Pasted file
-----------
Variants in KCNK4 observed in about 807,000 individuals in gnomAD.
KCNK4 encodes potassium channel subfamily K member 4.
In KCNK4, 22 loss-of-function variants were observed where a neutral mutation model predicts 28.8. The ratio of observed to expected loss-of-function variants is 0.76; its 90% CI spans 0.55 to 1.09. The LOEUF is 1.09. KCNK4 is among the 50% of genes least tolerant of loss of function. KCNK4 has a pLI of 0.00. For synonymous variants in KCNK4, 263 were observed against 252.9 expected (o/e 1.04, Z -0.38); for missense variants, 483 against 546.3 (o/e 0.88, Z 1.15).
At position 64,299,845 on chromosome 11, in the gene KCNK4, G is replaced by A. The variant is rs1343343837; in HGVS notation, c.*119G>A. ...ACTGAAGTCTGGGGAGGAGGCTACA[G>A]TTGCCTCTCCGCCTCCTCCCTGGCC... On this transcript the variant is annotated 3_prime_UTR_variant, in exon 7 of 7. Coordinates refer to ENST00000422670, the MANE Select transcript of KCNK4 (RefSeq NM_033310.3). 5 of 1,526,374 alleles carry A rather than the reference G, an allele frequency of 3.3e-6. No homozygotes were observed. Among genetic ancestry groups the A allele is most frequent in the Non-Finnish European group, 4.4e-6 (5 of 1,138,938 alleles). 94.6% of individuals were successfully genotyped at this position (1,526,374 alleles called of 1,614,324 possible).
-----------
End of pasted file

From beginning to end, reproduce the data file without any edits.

Variants in KCNK4 observed in about 807,000 individuals in gnomAD.
KCNK4 encodes potassium channel subfamily K member 4.
In KCNK4, 22 loss-of-function variants were observed where a neutral mutation model predicts 28.8. The ratio of observed to expected loss-of-function variants is 0.76; its 90% CI spans 0.55 to 1.09. The LOEUF is 1.09. KCNK4 is among the 50% of genes least tolerant of loss of function. KCNK4 has a pLI of 0.00. For synonymous variants in KCNK4, 263 were observed against 252.9 expected (o/e 1.04, Z -0.38); for missense variants, 483 against 546.3 (o/e 0.88, Z 1.15).
At position 64,299,845 on chromosome 11, in the gene KCNK4, G is replaced by A. The variant is rs1343343837; in HGVS notation, c.*119G>A. ...ACTGAAGTCTGGGGAGGAGGCTACA[G>A]TTGCCTCTCCGCCTCCTCCCTGGCC... On this transcript the variant is annotated 3_prime_UTR_variant, in exon 7 of 7. Coordinates refer to ENST00000422670, the MANE Select transcript of KCNK4 (RefSeq NM_033310.3). 5 of 1,526,374 alleles carry A rather than the reference G, an allele frequency of 3.3e-6. No homozygotes were observed. Among genetic ancestry groups the A allele is most frequent in the Non-Finnish European group, 4.4e-6 (5 of 1,138,938 alleles). 94.6% of individuals were successfully genotyped at this position (1,526,374 alleles called of 1,614,324 possible).